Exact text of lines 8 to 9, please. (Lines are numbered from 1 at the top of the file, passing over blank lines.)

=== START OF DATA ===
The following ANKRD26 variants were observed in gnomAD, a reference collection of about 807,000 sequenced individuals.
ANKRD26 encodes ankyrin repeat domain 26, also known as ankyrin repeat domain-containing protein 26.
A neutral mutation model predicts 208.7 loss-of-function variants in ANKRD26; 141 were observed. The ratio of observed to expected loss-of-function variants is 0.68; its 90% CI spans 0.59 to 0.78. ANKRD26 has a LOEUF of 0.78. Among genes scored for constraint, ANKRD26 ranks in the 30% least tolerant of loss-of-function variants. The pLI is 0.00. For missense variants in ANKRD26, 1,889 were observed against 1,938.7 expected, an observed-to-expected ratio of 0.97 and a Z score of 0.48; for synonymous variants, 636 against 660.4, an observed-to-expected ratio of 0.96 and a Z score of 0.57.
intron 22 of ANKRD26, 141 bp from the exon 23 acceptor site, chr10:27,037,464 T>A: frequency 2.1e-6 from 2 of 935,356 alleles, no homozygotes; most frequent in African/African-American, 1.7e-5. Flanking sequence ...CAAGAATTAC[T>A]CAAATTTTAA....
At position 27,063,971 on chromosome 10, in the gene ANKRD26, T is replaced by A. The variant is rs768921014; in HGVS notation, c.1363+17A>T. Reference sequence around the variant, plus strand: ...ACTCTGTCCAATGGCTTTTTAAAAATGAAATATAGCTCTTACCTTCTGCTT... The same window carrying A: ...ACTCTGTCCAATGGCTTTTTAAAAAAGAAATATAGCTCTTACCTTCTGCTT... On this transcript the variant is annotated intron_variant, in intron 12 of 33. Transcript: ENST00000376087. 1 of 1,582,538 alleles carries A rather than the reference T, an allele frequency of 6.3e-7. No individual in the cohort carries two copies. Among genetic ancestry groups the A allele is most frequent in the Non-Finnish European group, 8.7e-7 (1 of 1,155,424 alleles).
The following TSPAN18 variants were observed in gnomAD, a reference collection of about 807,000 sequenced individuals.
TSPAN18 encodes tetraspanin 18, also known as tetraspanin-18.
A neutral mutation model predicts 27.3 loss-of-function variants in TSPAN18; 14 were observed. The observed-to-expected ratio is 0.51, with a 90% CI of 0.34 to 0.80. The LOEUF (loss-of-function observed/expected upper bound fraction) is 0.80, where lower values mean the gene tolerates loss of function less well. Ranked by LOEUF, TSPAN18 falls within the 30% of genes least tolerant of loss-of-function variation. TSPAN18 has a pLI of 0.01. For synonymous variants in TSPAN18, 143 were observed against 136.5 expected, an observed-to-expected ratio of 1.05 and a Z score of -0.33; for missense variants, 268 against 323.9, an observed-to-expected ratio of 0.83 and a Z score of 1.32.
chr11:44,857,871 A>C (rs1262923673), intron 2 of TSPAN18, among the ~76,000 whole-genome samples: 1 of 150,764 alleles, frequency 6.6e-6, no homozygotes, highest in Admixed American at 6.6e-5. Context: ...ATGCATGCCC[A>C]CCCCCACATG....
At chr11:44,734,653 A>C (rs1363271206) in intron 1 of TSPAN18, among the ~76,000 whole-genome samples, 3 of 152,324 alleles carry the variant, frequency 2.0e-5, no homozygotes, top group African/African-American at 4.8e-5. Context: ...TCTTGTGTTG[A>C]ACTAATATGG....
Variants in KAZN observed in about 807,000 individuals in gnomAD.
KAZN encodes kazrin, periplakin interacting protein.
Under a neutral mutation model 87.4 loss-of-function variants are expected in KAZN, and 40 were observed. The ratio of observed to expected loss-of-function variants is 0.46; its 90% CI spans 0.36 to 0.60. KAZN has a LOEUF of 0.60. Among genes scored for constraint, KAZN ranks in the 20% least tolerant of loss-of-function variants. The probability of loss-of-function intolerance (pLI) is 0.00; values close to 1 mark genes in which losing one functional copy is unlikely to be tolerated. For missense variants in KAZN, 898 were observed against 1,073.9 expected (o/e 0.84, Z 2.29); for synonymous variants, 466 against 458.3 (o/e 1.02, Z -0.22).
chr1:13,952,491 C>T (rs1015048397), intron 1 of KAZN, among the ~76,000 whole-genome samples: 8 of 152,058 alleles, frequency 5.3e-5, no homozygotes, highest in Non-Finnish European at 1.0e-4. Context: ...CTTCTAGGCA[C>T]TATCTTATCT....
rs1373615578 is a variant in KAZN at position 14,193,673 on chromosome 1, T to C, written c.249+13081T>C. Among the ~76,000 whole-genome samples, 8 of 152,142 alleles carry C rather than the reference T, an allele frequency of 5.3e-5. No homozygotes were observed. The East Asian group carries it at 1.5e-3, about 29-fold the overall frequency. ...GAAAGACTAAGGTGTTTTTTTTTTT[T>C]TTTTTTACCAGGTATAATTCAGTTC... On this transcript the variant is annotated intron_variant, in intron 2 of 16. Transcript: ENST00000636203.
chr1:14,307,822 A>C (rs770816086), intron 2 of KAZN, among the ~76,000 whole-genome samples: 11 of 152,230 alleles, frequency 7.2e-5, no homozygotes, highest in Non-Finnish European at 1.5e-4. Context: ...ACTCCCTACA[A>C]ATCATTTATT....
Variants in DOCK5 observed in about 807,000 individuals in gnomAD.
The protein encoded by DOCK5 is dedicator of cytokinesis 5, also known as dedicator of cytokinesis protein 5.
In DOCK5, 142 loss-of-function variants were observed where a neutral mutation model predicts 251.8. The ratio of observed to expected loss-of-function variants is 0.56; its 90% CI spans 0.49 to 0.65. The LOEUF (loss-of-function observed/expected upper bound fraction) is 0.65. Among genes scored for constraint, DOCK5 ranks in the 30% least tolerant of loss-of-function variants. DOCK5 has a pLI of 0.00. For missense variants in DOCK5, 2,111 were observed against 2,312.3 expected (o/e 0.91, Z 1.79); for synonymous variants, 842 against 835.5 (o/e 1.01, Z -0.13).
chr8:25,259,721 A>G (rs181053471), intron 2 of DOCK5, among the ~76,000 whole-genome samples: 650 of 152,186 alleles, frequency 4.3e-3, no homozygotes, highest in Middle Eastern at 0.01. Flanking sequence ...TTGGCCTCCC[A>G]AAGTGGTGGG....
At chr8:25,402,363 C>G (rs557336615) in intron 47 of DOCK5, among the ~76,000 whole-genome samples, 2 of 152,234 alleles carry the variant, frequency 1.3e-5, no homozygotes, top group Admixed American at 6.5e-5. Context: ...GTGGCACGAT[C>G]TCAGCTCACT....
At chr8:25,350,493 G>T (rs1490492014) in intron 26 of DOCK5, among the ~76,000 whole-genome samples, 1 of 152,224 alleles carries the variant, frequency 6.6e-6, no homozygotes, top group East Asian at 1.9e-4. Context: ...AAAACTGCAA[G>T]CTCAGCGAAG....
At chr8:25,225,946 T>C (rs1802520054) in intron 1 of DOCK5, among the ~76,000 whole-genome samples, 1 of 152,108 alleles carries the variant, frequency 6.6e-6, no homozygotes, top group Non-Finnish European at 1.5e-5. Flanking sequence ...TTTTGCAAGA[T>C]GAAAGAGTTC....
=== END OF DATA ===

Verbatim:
A neutral mutation model predicts 27.3 loss-of-function variants in TSPAN18; 14 were observed. The observed-to-expected ratio is 0.51, with a 90% CI of 0.34 to 0.80. The LOEUF (loss-of-function observed/expected upper bound fraction) is 0.80, where lower values mean the gene tolerates loss of function less well. Ranked by LOEUF, TSPAN18 falls within the 30% of genes least tolerant of loss-of-function variation. TSPAN18 has a pLI of 0.01. For synonymous variants in TSPAN18, 143 were observed against 136.5 expected, an observed-to-expected ratio of 1.05 and a Z score of -0.33; for missense variants, 268 against 323.9, an observed-to-expected ratio of 0.83 and a Z score of 1.32.
chr11:44,857,871 A>C (rs1262923673), intron 2 of TSPAN18, among the ~76,000 whole-genome samples: 1 of 150,764 alleles, frequency 6.6e-6, no homozygotes, highest in Admixed American at 6.6e-5. Context: ...ATGCATGCCC[A>C]CCCCCACATG....